accepted the offer of my hand if the Count had him of the strait I am in. And now, Count, you
made it?” have said that the Duke will take your wife.
“Yes, my lord, I would have accepted it; and Reach my friend and tell him where I am: do,
now that I have seen yon, I know that I would , this, and" on the honor of a gentleman (I am
never have ceased to bless the happy fate that your equal in rank, my lord Count), your wife
bound me to your side.” shall be restored to you, and you shall be pro-
“ What punishment is too great for the wretch tected from the anger of the Duke !”
who has defied his master, cheated his friend, “Ah !" said the Count, “I will bear your mes-
and robbed a lover of his lady ?” cried the Duke, sage to Sforza. I think I know your friend, and
angrily. . will rely upon your promise of protection. But
“ My lord, I know of none," answered Editha, as for my wife,” (the Count groaned) “ I married
coldly and clearly, knowing full well that she her for her beauty.—she a perfect stranger, too,
was speaking his death-warrant. and sought by the Duke. As soon as she found
“Leave it all to me.” answered the Duke, sig- out that she might have been a Duchess, she
nificantly. “Leave all to me; and good-even, turned a cold cheek upon me, and doubtless she
fair ladvi I hope yet to see that graceful coro
net give place to tile more regal one of a Duch
The Duke softly kissed her hand, and hastily
leaving the terrace, called for his attendants.
They came forth, and the Duke, without notic
ing the crest-fallen Count who stood at his side,
mounted his horse and rode away.
As soon as the Duke left her, Editha went to
her chamber and fastened the door, utterly re
fusing to see the Count for a moment.
At midnight, the Count was summoned from
his bed to attend the Duke. With his heart full
of direst misgivings, he went with the men who
came for him.
‘Now,” said the Duke, when Aloredo was pre
will be a Duchess when I am dead. I suspected
at first that you might be one of her retinue,
when you said you were from England.”
“ Who is this lady,—an Englishwoman ?” asked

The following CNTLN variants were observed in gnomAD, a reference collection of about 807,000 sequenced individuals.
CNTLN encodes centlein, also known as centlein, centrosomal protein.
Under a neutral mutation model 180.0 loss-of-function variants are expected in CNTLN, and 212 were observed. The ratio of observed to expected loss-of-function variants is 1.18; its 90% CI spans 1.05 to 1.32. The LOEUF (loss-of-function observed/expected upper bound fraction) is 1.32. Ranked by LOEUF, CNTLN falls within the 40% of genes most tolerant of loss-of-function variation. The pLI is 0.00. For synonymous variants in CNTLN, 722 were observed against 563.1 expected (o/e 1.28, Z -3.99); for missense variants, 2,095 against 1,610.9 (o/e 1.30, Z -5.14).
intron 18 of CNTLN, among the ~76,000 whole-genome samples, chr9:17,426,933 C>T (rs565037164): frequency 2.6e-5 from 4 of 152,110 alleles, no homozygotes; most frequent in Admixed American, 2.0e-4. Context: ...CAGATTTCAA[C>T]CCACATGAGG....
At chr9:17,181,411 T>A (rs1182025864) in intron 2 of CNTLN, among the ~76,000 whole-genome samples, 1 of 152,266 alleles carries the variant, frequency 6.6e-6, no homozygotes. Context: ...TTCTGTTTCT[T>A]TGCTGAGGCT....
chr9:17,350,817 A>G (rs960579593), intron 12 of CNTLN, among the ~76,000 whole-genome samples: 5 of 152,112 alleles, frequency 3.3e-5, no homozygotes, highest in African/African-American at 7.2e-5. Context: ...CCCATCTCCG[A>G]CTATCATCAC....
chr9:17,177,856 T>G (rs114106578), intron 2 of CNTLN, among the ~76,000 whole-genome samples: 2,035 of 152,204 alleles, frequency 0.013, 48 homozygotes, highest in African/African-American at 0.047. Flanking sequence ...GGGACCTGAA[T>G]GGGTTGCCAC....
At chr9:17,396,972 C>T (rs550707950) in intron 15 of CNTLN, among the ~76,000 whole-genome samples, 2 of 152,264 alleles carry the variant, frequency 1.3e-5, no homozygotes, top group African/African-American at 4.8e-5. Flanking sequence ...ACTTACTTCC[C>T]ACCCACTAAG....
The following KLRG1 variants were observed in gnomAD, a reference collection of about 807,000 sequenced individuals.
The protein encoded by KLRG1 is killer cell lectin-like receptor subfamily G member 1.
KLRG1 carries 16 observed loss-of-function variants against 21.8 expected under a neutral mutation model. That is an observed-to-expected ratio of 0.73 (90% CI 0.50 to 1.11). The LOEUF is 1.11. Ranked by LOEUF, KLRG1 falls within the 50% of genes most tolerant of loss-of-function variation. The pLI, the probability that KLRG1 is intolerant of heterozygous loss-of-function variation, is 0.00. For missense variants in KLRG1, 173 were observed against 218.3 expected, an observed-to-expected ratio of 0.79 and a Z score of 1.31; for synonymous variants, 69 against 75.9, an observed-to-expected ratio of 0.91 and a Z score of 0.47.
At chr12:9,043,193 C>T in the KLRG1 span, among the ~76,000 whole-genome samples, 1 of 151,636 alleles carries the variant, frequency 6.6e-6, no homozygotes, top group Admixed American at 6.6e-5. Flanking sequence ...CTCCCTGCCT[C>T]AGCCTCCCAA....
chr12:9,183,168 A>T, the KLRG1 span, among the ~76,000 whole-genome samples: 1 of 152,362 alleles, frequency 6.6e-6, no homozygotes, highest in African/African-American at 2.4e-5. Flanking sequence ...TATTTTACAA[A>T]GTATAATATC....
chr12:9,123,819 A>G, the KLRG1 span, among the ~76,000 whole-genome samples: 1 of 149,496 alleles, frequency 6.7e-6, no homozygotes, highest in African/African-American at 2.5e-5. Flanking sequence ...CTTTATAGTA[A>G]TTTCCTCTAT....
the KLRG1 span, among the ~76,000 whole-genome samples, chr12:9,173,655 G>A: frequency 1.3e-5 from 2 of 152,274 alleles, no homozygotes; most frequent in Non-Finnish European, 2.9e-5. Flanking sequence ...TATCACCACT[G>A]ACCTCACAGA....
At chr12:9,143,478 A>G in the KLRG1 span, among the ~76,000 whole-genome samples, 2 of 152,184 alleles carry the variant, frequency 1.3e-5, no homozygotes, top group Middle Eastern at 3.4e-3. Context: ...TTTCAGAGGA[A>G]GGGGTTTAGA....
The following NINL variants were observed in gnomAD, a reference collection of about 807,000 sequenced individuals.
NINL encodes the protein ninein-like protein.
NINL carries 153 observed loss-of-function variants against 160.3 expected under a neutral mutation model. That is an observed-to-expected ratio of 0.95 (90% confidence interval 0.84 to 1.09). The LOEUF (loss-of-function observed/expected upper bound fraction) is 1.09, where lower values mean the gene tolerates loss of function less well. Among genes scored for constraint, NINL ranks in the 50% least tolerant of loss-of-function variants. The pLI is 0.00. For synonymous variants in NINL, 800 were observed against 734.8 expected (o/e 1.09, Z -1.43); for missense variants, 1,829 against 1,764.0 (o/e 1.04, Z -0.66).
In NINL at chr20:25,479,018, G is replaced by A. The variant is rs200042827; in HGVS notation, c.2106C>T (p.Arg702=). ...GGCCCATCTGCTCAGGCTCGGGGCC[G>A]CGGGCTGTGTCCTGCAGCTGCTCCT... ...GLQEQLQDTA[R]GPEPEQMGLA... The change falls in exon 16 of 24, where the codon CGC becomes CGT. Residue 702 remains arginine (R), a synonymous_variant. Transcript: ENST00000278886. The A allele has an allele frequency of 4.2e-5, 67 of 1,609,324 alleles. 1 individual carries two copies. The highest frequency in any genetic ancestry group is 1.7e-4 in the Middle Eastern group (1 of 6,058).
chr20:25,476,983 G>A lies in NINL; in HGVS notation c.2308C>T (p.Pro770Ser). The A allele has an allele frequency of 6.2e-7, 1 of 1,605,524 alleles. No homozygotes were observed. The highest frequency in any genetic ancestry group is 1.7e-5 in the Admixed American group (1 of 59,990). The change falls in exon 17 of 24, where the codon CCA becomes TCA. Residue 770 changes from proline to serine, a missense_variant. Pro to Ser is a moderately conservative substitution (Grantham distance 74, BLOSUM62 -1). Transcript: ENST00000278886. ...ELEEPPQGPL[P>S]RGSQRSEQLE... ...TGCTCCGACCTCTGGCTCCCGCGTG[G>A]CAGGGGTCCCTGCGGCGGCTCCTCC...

“Yes. she is an English lady, beautiful as an
angel. Perhaps you may have heard of her.
See. here is her picture. Look upon it and say
if it is not wonderful that so sweet a face can
have a heart so cold and ambitious.”
He took the picture, and gazing at it, ex
“Editha Teynham ! Have you married this
woman, Count? Is she here? Where is she?”
“ Y'on are startled.” said the Count: “I am
sure you have heard of her. Y’es, she is my wife,
[For The Sunny South.]
l "Sl .VXY SOI TH” SOVXET.
Shall our aim be only level
With the plane of ancient sages ?
In the lights of by-gone ages,
Shall we idly rest and revel?
Beams of knowledge, pure and glowing.
Down the centuries are streaming—
Product of no idle dreaming.
Fruit of toiling genius growing.
From us now this debt is owing:
To amass the golden grain
That has grown from others' sowing.
And to sow it all again.
Thus, with usance, we shall render
This great loan to the Great Lender.
her burden, and taking it from her in spite of
her remonstrances, he threw the bridle of his
horse over his arm, and walked by her side to
the little log cabin over the hill, where, as she Sappho—A Tragedy is Five Acts. From the Press of
[For The Sunny South.]
[For The Sunny South.]
told him, she lived alone with her widowed
mother—her father having tilled a soldier’s
grave. She invited him to enter and get a drink
of cool water. He did so, and found the little
house, with its vine-trellised porch and windows,
to be the abode of neatness and taste. The
hearth was filled with green, fresh boughs; a
cluster of roses bloomed in a china vase upon
the little stand: a guitar lay upon the table, and
there were books, pictures, and other evidences
of refined taste.
He had carried the wood into the kitchen,
where they found the mother—a pleasant, intel
ligent-looking lady, busy canning fruit. His
new acquaintance, whom her mother called Net
tie, was given a basket of fruit to peel, and he
Trubner & Co.. London. By - Stella.'' (Mrs. Estelle A.
Lewis, formerly of Baltimore, now of London), author
of •• Records of the Heart, and Other Poems," and “The
King's Stratagem, or The Pearl of Poland.”
I have read this tragedy of “ Sappho ” side by
side, sometimes almost scene for scene, with a
work of the same length and title by Edda Mid
dleton (a translation from the German of Franz
Gillparzer), published in 1858 by the Appletons.
Mrs. Middleton was well known in New York
and London, and distingtiislied for her remark
able personal beauty and rare mental gifts.
There is much in her story of “ Sappho ” that is
tender and poetical, and occasional gleams of
much pathos and dramatic warmth: but I find
much more that is strong, fervent and intense
- . - in Mrs. Lewis’book. Edda Middleton’s “Sap-
THE WOODLAM) FLOWER; for an hour, and 'in the mean- L i nprfnm^. 1 • —'aIpII u’-” ri *L ^,i nn .j r ,cr, - ■ ;
° -,•> li a and pert umed: “Stella s a rich, glowing passion-
* ^ flower, velvet-petaled and burning at the heart
TAKING HER AT HER WORD.
BY MISS M. C. STEVENS.
Olive Hunt had been out riding with Arthur
Trawick, her betrothed lover, in tbe early morn
ing. As they alighted from the buggy at the
gate of her stately home, a young girl, with a
time drew her out in conversation, until she for
got her timidity, and revealed a cultivated and
thoughtful mind and rare refinement both of
feeling and thought. She had read much, but
had seen little of the world: and as he talked,
her naive, intelligent interest gratified and at
tracted him. He could see every emotion mir
rored in her clear, truthful eyes. Before he was
aware that the dinner-hour was near, he was
Place in the hands of Theodoric a sword, and
“Pardon, your Highness,” said Anselm; “but